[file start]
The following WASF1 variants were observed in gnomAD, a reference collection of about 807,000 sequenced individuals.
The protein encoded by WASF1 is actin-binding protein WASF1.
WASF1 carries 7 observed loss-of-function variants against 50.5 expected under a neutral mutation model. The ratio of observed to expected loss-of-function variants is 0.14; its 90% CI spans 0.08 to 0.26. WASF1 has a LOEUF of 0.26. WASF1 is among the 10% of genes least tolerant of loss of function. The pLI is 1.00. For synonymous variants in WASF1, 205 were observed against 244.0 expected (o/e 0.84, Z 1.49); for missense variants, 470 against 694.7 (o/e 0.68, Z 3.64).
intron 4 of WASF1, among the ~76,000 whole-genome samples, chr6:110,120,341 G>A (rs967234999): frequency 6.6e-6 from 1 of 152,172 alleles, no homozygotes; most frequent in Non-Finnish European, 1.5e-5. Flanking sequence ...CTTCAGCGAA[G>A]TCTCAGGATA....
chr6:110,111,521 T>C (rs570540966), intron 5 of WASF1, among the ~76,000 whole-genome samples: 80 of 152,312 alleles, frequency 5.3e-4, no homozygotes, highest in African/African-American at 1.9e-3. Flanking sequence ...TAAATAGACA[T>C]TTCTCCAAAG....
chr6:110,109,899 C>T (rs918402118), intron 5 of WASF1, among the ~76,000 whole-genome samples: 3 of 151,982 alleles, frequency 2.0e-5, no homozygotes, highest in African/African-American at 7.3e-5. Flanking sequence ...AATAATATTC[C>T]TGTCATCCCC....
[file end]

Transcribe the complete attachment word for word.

The following WASF1 variants were observed in gnomAD, a reference collection of about 807,000 sequenced individuals.
The protein encoded by WASF1 is actin-binding protein WASF1.
WASF1 carries 7 observed loss-of-function variants against 50.5 expected under a neutral mutation model. The ratio of observed to expected loss-of-function variants is 0.14; its 90% CI spans 0.08 to 0.26. WASF1 has a LOEUF of 0.26. WASF1 is among the 10% of genes least tolerant of loss of function. The pLI is 1.00. For synonymous variants in WASF1, 205 were observed against 244.0 expected (o/e 0.84, Z 1.49); for missense variants, 470 against 694.7 (o/e 0.68, Z 3.64).
intron 4 of WASF1, among the ~76,000 whole-genome samples, chr6:110,120,341 G>A (rs967234999): frequency 6.6e-6 from 1 of 152,172 alleles, no homozygotes; most frequent in Non-Finnish European, 1.5e-5. Flanking sequence ...CTTCAGCGAA[G>A]TCTCAGGATA....
chr6:110,111,521 T>C (rs570540966), intron 5 of WASF1, among the ~76,000 whole-genome samples: 80 of 152,312 alleles, frequency 5.3e-4, no homozygotes, highest in African/African-American at 1.9e-3. Flanking sequence ...TAAATAGACA[T>C]TTCTCCAAAG....
chr6:110,109,899 C>T (rs918402118), intron 5 of WASF1, among the ~76,000 whole-genome samples: 3 of 151,982 alleles, frequency 2.0e-5, no homozygotes, highest in African/African-American at 7.3e-5. Flanking sequence ...AATAATATTC[C>T]TGTCATCCCC....